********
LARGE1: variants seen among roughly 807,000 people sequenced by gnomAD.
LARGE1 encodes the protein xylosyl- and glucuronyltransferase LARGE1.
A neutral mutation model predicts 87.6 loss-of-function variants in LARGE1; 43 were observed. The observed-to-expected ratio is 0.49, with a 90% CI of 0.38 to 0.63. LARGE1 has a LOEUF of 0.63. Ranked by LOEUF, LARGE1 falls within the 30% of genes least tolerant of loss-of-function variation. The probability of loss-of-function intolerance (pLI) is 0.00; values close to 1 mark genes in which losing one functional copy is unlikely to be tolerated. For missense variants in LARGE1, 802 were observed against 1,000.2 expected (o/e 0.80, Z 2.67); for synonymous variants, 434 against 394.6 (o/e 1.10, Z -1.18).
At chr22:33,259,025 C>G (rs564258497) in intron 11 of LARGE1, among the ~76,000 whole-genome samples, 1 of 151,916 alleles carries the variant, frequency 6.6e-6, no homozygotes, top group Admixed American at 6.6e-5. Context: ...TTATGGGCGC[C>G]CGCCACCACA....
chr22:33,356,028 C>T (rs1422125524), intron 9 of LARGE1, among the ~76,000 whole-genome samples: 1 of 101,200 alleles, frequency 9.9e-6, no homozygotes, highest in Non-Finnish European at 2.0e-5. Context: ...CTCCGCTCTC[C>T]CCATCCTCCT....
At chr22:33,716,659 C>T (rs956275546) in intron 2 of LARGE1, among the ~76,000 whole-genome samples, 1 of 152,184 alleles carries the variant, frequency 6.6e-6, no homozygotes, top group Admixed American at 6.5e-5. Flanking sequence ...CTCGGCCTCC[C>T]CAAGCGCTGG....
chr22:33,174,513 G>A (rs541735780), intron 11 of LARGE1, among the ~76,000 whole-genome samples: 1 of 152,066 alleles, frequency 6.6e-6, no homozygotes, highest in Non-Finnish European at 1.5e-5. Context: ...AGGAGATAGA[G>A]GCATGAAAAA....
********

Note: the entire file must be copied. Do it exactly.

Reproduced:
LARGE1: variants seen among roughly 807,000 people sequenced by gnomAD.
LARGE1 encodes the protein xylosyl- and glucuronyltransferase LARGE1.
A neutral mutation model predicts 87.6 loss-of-function variants in LARGE1; 43 were observed. The observed-to-expected ratio is 0.49, with a 90% CI of 0.38 to 0.63. LARGE1 has a LOEUF of 0.63. Ranked by LOEUF, LARGE1 falls within the 30% of genes least tolerant of loss-of-function variation. The probability of loss-of-function intolerance (pLI) is 0.00; values close to 1 mark genes in which losing one functional copy is unlikely to be tolerated. For missense variants in LARGE1, 802 were observed against 1,000.2 expected (o/e 0.80, Z 2.67); for synonymous variants, 434 against 394.6 (o/e 1.10, Z -1.18).
At chr22:33,259,025 C>G (rs564258497) in intron 11 of LARGE1, among the ~76,000 whole-genome samples, 1 of 151,916 alleles carries the variant, frequency 6.6e-6, no homozygotes, top group Admixed American at 6.6e-5. Context: ...TTATGGGCGC[C>G]CGCCACCACA....
chr22:33,356,028 C>T (rs1422125524), intron 9 of LARGE1, among the ~76,000 whole-genome samples: 1 of 101,200 alleles, frequency 9.9e-6, no homozygotes, highest in Non-Finnish European at 2.0e-5. Context: ...CTCCGCTCTC[C>T]CCATCCTCCT....
At chr22:33,716,659 C>T (rs956275546) in intron 2 of LARGE1, among the ~76,000 whole-genome samples, 1 of 152,184 alleles carries the variant, frequency 6.6e-6, no homozygotes, top group Admixed American at 6.5e-5. Flanking sequence ...CTCGGCCTCC[C>T]CAAGCGCTGG....
chr22:33,174,513 G>A (rs541735780), intron 11 of LARGE1, among the ~76,000 whole-genome samples: 1 of 152,066 alleles, frequency 6.6e-6, no homozygotes, highest in Non-Finnish European at 1.5e-5. Context: ...AGGAGATAGA[G>A]GCATGAAAAA....